Republican lawmakers thought they had it all figured out.
This summer, they voted to alter the state's election law pertaining to some judicial races. Under the old system, the order of judicial candidates in partisan races was decided through a randomized process; under the new system, the candidates affiliated with the party of the governor would get top billing, which is where candidates in low-profile races like these want to be.
The move was rather nakedly designed to boost the fortunes of Phil Berger Jr., son of the Senate leader and candidate for the N.C. Court of Appeals. And it worked: Berger was first where he might not otherwise have been, and he won—barely. So, too, did the four other Republican candidates for the appeals court. (Those judgeships are ostensibly nonpartisan, but the General Assembly passed a different measure this year that required party affiliations to be noted on the ballot, part of an effort to pack the state's judiciary with Republicans.)
Cool trick. One problem: this law also appears to have helped elect Mike Morgan, an African-American Democrat from Raleigh, to the N.C. Supreme Court, even as Donald Trump won the state handily. Even more astounding, Morgan won easily, by ten percentage points. On the court, he'll give Democrats a 4–3 advantage and can serve as a check on legislative overreach.
Here's how that happened: while the appeals court races were partisan, the only Supreme Court race on the ballot wasn't. Its order was still random, and Morgan got the top slot, over incumbent justice Robert Edmunds. He might well have prevailed because conservative voters, knowing little to nothing about these candidates but having seen Republican judges on top elsewhere on the ballot, assumed Morgan was a Republican. And that was how Morgan overcame an otherwise very good night for the North Carolina GOP.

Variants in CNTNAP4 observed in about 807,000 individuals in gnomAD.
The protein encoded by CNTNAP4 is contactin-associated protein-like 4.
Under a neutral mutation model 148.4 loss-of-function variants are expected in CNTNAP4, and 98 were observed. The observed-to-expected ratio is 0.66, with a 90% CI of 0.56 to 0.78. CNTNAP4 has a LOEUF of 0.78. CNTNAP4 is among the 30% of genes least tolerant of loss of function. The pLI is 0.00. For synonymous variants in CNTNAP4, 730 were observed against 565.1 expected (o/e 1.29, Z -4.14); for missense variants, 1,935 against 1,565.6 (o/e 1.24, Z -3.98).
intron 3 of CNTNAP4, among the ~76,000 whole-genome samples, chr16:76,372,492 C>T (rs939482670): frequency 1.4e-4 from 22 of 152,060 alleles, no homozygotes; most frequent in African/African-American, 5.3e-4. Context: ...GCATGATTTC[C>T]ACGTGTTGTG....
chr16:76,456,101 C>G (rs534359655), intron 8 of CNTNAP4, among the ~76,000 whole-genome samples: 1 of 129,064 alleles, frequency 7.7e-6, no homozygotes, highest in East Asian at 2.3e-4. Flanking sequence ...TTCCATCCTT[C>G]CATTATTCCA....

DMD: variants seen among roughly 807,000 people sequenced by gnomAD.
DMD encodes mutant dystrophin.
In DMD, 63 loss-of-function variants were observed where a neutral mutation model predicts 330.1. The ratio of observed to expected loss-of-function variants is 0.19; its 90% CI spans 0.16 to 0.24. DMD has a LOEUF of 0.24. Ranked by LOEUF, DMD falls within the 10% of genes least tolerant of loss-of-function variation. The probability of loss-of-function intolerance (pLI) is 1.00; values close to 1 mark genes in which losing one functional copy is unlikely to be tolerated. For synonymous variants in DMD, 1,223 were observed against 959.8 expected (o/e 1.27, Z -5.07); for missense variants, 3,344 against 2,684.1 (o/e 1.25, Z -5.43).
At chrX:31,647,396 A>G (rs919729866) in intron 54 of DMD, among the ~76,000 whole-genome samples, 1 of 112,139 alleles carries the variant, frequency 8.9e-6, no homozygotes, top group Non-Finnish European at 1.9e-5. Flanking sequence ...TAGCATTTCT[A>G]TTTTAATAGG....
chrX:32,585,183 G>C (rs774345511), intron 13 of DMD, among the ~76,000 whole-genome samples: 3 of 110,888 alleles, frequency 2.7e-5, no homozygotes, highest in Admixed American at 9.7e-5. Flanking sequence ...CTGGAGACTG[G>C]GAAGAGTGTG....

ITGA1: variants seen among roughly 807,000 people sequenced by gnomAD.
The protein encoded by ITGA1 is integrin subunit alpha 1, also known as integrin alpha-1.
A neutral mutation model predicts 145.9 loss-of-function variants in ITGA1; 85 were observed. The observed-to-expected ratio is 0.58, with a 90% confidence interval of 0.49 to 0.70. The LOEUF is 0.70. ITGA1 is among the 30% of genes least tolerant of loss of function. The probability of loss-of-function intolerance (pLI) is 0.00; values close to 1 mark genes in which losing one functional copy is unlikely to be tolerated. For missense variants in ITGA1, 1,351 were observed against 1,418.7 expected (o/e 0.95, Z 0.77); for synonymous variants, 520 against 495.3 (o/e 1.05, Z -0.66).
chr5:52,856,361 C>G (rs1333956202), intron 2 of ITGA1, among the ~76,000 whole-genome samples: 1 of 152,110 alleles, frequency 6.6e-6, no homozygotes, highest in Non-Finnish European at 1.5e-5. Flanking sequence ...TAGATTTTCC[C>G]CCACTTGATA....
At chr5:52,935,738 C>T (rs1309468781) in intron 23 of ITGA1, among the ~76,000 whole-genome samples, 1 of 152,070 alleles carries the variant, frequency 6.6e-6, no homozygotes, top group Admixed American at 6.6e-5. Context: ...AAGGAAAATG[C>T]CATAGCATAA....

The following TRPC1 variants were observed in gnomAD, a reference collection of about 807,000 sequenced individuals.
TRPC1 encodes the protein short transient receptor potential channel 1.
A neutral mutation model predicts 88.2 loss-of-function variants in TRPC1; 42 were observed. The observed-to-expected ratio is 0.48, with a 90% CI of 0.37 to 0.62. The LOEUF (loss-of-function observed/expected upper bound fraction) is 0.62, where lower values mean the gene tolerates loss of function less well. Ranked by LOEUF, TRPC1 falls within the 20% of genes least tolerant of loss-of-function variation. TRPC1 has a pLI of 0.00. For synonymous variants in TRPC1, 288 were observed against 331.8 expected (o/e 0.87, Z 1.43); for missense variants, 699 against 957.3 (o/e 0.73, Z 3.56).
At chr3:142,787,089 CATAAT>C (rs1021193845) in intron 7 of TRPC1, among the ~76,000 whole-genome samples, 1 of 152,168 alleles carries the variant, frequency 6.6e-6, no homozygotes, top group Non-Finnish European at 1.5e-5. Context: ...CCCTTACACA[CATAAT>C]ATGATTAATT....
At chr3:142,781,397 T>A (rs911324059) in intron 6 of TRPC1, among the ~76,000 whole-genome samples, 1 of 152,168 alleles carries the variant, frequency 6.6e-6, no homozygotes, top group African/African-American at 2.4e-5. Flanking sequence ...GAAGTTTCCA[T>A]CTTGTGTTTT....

Now, there's no way to prove this theory. Maybe, for instance, people thought Republicans should dominate the state's Court of Appeals but not the Supreme Court. And if this election taught us anything, it's that voters are unpredictable.
But when you look at the numbers, the evidence is compelling. Statewide, Morgan took 54.45 percent of the vote, while Edmunds took 45.55 percent. Those percentages are nearly identical to several Court of Appeals races that went red. To name a few: Republicans Bob Hunter, Richard Dietz, and Valarie Zachary all won with an almost identical 54 percent. (Berger and fellow Republican Hunter Murphy were outliers: Murphy won a closer race, by three percentage points, though there was a third-party candidate; Berger Jr. won by half a percentage point.)
Those three judicial candidates, for example, won Lenoir County—Hunter by five points, Dietz by two, Zachary by two (Berger Jr. lost Lenoir)—which Trump won by five points and Governor McCrory won by seven. Morgan won the county by nineteen points.
Another example: Rockingham County. Trump and U.S. Senator Richard Burr won there by about thirty points. McCrory won by twenty. Berger Jr. won by twenty-one. Murphy won by twenty-four, and Hunter, Dietz, and Zachary won by twenty-nine. Morgan—again, a nonincumbent black Democrat—won Rockingham by five.
One more: Cherokee County, out in the mountains. Trump won by fifty-six points. Burr won by fifty. All five of the Republican appellate court judges garnered north of 70 percent of the vote. Morgan won with 58 percent.
We could go on, but you get the point. Morgan appears to owe his upset victory—and Democratic control of the state's highest court—less to a brilliant campaign strategy than to Republicans' shenanigans backfiring.
To correct these backfiring shenanigans, however, Republican lawmakers appear to be considering—wait for it—more shenanigans. Specifically, according to numerous media reports (including from the INDY), lawmakers want to add two seats to the court in a December special session. The new justices would, of course, be appointed by the lame duck McCrory, thus maintaining a Republican majority despite the voters' wishes.
Last week, Phil Berger—the Senate leader, not the new appellate judge—told Capital Tonight that there have been "no discussions within our caucus about that issue."
Which, while perhaps a dousing of cold water, isn't exactly a hard no.